VoIP Security

By | August 15, 2006

Whatever threat develops, however, an essential first step in the defence will be to ensure that IP telephony networks are correctly configured and protected. Where this is the responsibility of in-house support staff, it’s important they are properly trained and that their skills are kept up to date. Alternatively, it’s essential to ensure the service supplier’s staff are fully equipped to keep the network operating reliably and securely.

While much of the technology that underlies IP telephony may appear familiar to those who support data networks, and should benefit from the same sorts of protection, there are notable differences. For example, while those who manage data networks have traditionally seen their priority as maintaining integrity and confidentiality, those running phone systems have focused on delivering high levels of availability.

Because factors such as delay are critically important to IP telephony services, those employed to manage and support such networks will need skills above and beyond those normally required for work on data networks.

Those used to managing and operating traditional phone systems will also find the change to IP telephony challenging. Their experience is of mature technologies supplied as ‘black box’ solutions connected together using well-established interface standards and network services. In contrast, while now well beyond the early adopter phase, VoIP is still evolving, and the design and integration of IP telephony systems is more complex.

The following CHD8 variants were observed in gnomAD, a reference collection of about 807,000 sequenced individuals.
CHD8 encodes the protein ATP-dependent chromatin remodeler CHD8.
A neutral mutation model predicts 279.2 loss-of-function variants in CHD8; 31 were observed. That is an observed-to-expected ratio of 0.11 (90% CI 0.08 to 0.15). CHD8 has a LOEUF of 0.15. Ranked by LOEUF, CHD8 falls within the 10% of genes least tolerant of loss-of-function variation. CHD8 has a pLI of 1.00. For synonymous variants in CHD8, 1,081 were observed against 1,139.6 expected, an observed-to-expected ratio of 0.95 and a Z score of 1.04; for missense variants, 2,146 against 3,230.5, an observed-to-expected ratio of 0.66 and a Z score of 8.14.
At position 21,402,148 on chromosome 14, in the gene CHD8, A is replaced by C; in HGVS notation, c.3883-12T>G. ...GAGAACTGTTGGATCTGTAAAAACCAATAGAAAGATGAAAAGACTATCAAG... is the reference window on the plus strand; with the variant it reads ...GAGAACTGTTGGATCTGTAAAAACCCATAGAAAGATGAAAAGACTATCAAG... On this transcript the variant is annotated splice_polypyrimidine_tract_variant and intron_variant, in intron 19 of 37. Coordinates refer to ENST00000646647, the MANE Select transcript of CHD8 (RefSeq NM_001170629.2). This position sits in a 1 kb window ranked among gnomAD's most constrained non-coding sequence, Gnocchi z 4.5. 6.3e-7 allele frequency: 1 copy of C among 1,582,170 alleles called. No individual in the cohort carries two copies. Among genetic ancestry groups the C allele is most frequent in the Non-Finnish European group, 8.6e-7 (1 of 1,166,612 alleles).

To successfully design and operate an IP telephony system, you require an in-depth understanding not only of data communications and VoIP technologies but of the interactions between them. Problems can arise, for example, when new computing applications are added to a network without confirming their ability to coexist with IP telephony systems. The resulting interference can have a dramatic impact on the system performance.

Basic precautions

The most basic precaution is therefore to ensure that IP telephony systems and associated data networks are designed and maintained only by suitably qualified staff.

Beyond this, because the components of an IP telephony system make extensive use of computer hardware and software, they require the same sorts of protection as traditional computer installations. For example, viruses could exploit weaknesses in the underlying operating systems and in application programmes. Anti-virus solutions will therefore be required, but these must be designed so as not to introduce excessive delay as telephony packets move through the network. It is also important to keep them up to date.

Security sources should be monitored for details of new forms of attack and support staff should register to receive security alerts and software updates directly from vendors whenever these are available. Customers that hold support contracts, for example, will usually be informed of any action they should take to protect their installations.

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